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Monday, December 09, 2019 {{ new Date().getDay() }}

By Bozorgmehr Sharafedin

DUBAI (Reuters) – Iran demanded an apology from Saudi Arabia on Sunday over the deaths of 769 people at the haj pilgrimage and accused it of trying to evade blame, while Riyadh in turn accused Tehran of playing politics with the disaster.

At least 155 Iranian pilgrims died in the crush of pilgrims on Thursday near Mecca and 300 other Iranians remain unaccounted for. Iranian officials say that, three days after the incident, they suspect most of the missing are dead too.

Iran’s Supreme Leader Ayatollah Ali Khamenei said Muslim countries should demand Saudi Arabia be held to account for the deaths. The kingdom presents itself as the guardian of Islamic orthodoxy and custodian of its holiest places in Mecca and Medina.

“Instead of blaming this and that, the Saudis should accept the responsibility and apologize to the Muslims and the victims’ families,” Khamenei was quoted as saying on his own website.

“The Islamic world has a lot of questions. The death of more than 1,000 people is not a small issue. Muslim countries should focus on this,” Khamenei said.

Other Iranian officials have also alleged the total death toll is more than 1,000. Khamenei ordered the bodies of the Iranian victims to be buried in martyrs’ cemeteries.

Iranians MPs blamed Saudi Arabia for “their mismanagement and incompetence”.

“The Iranian government should follow up this case in Organisation of Islamic Cooperation and ask for shared management of the holy sites in Mecca and Medina during haj,” lawmakers said in a statement published by Fars news agency.

Dozens of protesters gathered in front of the Saudi embassy in Tehran, chanting “down with the United States and Saudi Arabia.” They were watched by a large contingent of police.

Thursday’s disaster, the worst to befall the haj in 25 years, happened when two large groups of pilgrims converged at a crossroads in Mina, a few kilometers east of Mecca, on their way to perform the “stoning of the devil” ritual at Jamarat.

A Saudi doctor at a hospital near Mecca said he suspected more than 1,000 had died, but cautioned this was only a personal impression.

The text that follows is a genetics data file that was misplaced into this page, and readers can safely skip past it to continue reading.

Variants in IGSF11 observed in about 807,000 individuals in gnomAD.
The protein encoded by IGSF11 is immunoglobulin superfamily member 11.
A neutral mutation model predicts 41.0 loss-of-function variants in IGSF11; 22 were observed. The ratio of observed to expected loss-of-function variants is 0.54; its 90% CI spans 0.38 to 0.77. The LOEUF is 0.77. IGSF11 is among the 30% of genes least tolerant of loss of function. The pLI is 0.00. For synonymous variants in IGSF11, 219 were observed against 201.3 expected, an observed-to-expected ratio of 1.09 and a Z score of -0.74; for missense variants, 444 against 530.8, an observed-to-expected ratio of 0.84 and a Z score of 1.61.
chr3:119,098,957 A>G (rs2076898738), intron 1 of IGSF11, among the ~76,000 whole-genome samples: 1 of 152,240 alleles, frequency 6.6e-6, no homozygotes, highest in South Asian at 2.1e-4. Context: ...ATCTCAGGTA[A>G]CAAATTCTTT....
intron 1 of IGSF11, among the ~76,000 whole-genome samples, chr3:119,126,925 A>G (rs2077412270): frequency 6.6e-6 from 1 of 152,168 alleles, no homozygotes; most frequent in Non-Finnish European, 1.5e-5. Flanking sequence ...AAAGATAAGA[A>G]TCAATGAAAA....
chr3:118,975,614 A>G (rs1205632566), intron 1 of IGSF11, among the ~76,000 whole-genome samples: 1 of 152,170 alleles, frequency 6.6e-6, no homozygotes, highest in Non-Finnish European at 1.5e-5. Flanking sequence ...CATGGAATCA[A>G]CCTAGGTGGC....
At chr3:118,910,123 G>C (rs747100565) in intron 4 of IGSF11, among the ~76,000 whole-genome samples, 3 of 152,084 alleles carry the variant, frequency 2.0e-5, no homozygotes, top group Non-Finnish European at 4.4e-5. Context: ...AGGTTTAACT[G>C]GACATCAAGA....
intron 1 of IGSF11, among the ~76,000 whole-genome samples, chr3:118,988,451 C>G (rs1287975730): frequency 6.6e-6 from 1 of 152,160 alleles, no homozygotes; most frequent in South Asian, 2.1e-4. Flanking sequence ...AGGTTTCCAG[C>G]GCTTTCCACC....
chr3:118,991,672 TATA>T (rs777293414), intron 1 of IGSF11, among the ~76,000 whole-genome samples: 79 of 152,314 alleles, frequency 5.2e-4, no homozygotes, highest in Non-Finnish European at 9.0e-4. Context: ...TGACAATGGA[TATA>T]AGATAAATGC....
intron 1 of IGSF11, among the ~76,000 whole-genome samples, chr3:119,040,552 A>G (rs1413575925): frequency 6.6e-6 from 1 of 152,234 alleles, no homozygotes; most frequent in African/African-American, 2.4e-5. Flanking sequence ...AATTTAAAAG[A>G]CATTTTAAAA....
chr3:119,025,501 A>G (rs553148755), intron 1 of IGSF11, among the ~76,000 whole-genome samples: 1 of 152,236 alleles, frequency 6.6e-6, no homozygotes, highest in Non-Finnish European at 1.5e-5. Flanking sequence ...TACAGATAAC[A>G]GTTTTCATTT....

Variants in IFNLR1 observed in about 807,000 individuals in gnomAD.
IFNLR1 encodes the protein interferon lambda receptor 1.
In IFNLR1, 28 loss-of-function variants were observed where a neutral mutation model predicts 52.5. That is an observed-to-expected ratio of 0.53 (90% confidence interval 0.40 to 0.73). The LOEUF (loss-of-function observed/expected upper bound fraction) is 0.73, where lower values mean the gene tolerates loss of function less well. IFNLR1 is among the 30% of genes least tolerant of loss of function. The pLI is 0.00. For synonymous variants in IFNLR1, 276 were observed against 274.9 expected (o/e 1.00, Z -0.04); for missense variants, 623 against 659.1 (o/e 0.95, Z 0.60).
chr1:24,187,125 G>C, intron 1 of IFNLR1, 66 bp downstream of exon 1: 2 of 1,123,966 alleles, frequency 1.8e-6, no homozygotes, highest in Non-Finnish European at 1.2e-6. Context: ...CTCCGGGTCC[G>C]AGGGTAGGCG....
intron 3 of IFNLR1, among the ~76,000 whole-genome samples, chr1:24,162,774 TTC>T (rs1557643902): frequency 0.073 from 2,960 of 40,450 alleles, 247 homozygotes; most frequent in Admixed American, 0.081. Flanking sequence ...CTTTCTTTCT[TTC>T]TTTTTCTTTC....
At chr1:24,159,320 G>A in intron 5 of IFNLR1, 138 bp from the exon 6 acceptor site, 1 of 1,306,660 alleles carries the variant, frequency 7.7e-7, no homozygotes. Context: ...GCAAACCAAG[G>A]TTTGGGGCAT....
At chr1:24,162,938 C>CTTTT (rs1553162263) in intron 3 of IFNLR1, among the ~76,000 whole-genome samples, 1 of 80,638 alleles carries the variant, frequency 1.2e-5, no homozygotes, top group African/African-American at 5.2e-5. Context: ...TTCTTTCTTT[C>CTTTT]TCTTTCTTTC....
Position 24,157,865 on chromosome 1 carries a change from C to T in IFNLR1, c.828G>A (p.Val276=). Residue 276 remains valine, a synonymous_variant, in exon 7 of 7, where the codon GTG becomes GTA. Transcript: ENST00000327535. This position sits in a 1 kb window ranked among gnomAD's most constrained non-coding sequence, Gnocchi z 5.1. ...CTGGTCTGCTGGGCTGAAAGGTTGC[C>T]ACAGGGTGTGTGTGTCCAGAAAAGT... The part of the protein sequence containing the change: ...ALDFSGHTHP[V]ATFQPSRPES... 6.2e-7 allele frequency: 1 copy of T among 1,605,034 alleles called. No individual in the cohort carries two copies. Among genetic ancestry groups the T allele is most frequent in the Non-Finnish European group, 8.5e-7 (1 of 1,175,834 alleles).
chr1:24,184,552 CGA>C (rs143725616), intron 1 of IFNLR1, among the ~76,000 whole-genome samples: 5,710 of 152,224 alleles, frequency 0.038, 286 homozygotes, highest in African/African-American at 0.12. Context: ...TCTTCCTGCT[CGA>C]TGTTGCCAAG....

He said many had died from heat stroke and dehydration as they had remained out under blazing sun for hours after being trapped in the crush.

ACRIMONY

Shi’ite Muslim Iran is involved in a number of conflicts in Arab countries, including Iraq, Syria and Yemen, to great opposition from the Sunni Muslim kingdom. The deaths at Mina have heightened the acrimony between the two countries.

A cartoon published by Iran’s Tasnim news agency depicted King Salman of Saudi Arabia as a camel trampling pilgrims.Kayhan newspaper showed him shaking hands with one of the pillars symbolizing the devil in the haj’s stoning ritual.

Saudi daily Asharq al-Awsat appeared to blame Iranian pilgrims for the disaster. It quoted comments it said came from Iranian officials saying a group of 300 Iranian pilgrims had set off to perform a ritual ahead of their assigned schedule, leading to a collision with other pilgrims.

The incident cast a shadow over the 193-nation U.N. General Assembly in New York.

Saudi Foreign Minister Adel al-Jubeir accused Iran of exploiting the tragedy.

“This is not a situation with which to play politics,” he said before meeting U.S. Secretary of State John Kerry on Saturday.

“I would hope that the Iranian leaders would be more sensible and more thoughtful with regards to those who perished in this tragedy and wait until we see the results of the investigation.”

Saudi newspaper al-Hayat reported Iranian Foreign Minister Mohammad Jawad Zarif had asked to meet Jubeir on the sidelines of the assembly but his request had been rejected because it “came in an arrogant way and out of place”.

Iran has summoned the Saudi charge d’affaires three times to ask Riyadh for more cooperation over the incident.

“The reports show that Saudis are responsible for this incident by their mismanagement and negligence,” Ali Larijani, Iranian parliament speaker, was quoted as saying by Tasnim.

(Reporting by Bozorgmehr Sharafedin and Marwa al-Malik; Editing by William Maclean and Andrew Roche)

File photo: Iran’s Supreme Leader Ayatollah Ali Khamenei speaks live on television after casting his ballot in the Iranian presidential election in Tehran June 12, 2009. REUTERS/Caren Firouz

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Mark Meadows

Donald Trump’s White House Chief of Staff Mark Meadows wanted a presidential pardon. He had facilitated key stages of Trump’s attempted 2020 coup, linking the insurrectionists to the highest reaches of the White House and Congress.

But ultimately, Meadows failed to deliver what Trump most wanted, which was convincing others in government to overturn the 2020 election. And then his subordinates, White House security staff, thwarted Trump’s plan to march with a mob into the Capitol.

Meadows’ role has become clearer with each January 6 hearing. Earlier hearings traced how his attempted Justice Department takeover failed. The fake Electoral College slates that Meadows had pushed were not accepted by Congress. The calls by Trump to state officials that he had orchestrated to “find votes” did not work. Nor could Meadows convince Vice-President Mike Pence to ignore the official Electoral College results and count pro-Trump forgeries.

And as January 6 approached and the insurrection began, new and riveting details emerged about Meadow’s pivotal role at the eye of this storm, according to testimony on Tuesday by his top White House aide, Cassidy Hutchinson.